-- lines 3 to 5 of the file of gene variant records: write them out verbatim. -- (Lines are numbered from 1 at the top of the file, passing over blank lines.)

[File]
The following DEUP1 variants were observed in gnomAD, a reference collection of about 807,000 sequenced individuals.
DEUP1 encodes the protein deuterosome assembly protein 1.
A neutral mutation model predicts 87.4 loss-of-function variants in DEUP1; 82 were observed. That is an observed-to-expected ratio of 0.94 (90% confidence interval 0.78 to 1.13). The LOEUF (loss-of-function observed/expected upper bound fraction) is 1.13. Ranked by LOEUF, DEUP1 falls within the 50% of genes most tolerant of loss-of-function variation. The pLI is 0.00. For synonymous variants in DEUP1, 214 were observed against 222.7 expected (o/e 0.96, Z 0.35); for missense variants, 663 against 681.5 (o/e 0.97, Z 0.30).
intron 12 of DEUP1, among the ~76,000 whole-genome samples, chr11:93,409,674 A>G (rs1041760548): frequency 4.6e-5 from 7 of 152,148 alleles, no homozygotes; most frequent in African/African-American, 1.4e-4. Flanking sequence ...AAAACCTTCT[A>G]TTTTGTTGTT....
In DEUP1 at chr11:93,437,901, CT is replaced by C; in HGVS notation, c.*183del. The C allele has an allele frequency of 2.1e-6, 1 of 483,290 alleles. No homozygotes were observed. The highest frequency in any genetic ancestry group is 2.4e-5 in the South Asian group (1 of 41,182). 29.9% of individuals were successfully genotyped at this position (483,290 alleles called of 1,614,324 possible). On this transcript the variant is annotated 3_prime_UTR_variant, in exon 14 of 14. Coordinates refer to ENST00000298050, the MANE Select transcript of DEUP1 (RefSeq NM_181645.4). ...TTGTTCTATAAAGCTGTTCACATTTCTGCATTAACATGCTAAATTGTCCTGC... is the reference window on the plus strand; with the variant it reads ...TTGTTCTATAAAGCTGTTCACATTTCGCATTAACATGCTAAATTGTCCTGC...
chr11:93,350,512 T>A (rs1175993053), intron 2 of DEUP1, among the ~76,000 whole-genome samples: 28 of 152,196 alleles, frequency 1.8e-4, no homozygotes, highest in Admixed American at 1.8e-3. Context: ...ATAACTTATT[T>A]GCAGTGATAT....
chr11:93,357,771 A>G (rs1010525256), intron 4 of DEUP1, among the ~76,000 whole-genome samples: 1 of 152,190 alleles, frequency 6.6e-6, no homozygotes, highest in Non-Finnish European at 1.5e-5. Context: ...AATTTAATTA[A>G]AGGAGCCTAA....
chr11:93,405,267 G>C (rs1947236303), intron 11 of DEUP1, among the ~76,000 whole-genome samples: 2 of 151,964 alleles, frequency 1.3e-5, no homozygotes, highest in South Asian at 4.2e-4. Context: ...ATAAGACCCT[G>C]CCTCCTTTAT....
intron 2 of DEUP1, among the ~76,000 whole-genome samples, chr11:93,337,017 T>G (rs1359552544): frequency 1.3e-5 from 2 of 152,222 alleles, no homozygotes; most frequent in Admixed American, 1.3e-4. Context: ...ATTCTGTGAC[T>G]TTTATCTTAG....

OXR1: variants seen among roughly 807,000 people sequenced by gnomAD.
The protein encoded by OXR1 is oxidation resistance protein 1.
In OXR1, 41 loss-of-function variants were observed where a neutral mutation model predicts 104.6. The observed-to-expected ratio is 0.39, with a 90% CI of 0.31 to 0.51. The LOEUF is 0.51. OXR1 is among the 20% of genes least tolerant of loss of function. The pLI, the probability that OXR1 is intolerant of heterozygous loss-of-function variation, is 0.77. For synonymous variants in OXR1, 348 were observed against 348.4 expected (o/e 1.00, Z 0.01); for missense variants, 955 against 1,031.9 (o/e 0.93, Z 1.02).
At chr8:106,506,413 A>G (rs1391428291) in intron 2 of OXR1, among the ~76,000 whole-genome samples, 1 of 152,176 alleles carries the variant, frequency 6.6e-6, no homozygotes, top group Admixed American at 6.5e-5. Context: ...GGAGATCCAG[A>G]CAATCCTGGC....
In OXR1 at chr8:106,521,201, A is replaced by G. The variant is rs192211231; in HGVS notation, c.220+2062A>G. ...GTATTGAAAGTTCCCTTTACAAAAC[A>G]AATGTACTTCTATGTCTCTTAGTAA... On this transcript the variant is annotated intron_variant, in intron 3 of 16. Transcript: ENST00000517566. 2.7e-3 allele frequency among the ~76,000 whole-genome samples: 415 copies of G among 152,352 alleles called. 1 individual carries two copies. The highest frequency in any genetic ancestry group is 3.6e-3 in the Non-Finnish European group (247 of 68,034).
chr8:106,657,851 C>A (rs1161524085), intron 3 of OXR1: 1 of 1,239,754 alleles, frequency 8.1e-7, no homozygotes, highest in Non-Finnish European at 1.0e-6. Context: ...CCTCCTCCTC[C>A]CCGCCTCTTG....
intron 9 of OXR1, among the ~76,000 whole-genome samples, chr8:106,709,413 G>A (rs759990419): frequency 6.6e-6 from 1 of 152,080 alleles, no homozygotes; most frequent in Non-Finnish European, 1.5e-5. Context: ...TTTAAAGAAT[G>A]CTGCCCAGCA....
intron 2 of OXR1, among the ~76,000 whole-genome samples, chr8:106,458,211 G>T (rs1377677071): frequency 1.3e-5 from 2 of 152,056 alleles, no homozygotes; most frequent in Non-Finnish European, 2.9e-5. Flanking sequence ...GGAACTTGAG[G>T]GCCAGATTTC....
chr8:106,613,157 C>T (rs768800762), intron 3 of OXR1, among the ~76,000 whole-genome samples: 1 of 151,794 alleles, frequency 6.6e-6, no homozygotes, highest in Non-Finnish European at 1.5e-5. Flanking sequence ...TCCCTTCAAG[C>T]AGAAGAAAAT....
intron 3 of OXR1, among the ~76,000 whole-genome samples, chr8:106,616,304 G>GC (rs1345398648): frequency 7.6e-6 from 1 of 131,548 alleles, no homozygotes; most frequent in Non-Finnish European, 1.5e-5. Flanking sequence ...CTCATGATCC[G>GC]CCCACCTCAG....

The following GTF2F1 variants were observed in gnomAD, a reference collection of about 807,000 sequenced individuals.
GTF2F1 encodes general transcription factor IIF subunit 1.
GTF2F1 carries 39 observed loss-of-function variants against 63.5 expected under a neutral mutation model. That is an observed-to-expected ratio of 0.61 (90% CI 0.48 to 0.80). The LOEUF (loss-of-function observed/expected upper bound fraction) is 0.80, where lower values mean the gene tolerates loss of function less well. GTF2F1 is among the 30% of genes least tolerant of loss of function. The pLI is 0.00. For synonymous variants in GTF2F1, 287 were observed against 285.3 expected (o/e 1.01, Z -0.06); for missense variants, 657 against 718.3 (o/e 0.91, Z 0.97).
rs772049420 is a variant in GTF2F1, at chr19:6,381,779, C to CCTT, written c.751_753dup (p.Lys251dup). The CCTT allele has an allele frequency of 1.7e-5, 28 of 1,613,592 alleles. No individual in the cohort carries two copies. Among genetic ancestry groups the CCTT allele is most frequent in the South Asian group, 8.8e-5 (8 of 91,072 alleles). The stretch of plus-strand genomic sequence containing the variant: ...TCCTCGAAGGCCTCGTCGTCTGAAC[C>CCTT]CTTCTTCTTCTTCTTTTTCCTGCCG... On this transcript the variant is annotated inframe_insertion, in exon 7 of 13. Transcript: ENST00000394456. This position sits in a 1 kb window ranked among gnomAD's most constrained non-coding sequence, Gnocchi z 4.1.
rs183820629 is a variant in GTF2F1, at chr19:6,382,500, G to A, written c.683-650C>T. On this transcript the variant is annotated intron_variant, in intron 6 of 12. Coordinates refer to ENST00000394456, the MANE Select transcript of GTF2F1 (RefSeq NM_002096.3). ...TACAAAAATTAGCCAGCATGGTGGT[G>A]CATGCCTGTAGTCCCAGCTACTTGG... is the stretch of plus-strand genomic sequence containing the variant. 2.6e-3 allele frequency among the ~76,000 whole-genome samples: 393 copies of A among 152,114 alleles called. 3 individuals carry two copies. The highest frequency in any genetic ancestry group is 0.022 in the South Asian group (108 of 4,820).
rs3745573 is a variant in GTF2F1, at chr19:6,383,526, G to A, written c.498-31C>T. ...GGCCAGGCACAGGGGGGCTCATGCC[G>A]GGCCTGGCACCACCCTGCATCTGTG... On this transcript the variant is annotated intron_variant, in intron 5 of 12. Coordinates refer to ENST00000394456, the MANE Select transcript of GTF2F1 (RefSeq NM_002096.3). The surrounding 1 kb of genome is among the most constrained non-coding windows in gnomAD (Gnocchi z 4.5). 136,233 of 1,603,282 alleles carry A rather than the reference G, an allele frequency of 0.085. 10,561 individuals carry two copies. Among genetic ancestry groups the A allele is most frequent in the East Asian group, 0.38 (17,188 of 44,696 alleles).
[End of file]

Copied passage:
A neutral mutation model predicts 87.4 loss-of-function variants in DEUP1; 82 were observed. That is an observed-to-expected ratio of 0.94 (90% confidence interval 0.78 to 1.13). The LOEUF (loss-of-function observed/expected upper bound fraction) is 1.13. Ranked by LOEUF, DEUP1 falls within the 50% of genes most tolerant of loss-of-function variation. The pLI is 0.00. For synonymous variants in DEUP1, 214 were observed against 222.7 expected (o/e 0.96, Z 0.35); for missense variants, 663 against 681.5 (o/e 0.97, Z 0.30).
intron 12 of DEUP1, among the ~76,000 whole-genome samples, chr11:93,409,674 A>G (rs1041760548): frequency 4.6e-5 from 7 of 152,148 alleles, no homozygotes; most frequent in African/African-American, 1.4e-4. Flanking sequence ...AAAACCTTCT[A>G]TTTTGTTGTT....
In DEUP1 at chr11:93,437,901, CT is replaced by C; in HGVS notation, c.*183del. The C allele has an allele frequency of 2.1e-6, 1 of 483,290 alleles. No homozygotes were observed. The highest frequency in any genetic ancestry group is 2.4e-5 in the South Asian group (1 of 41,182). 29.9% of individuals were successfully genotyped at this position (483,290 alleles called of 1,614,324 possible). On this transcript the variant is annotated 3_prime_UTR_variant, in exon 14 of 14. Coordinates refer to ENST00000298050, the MANE Select transcript of DEUP1 (RefSeq NM_181645.4). ...TTGTTCTATAAAGCTGTTCACATTTCTGCATTAACATGCTAAATTGTCCTGC... is the reference window on the plus strand; with the variant it reads ...TTGTTCTATAAAGCTGTTCACATTTCGCATTAACATGCTAAATTGTCCTGC...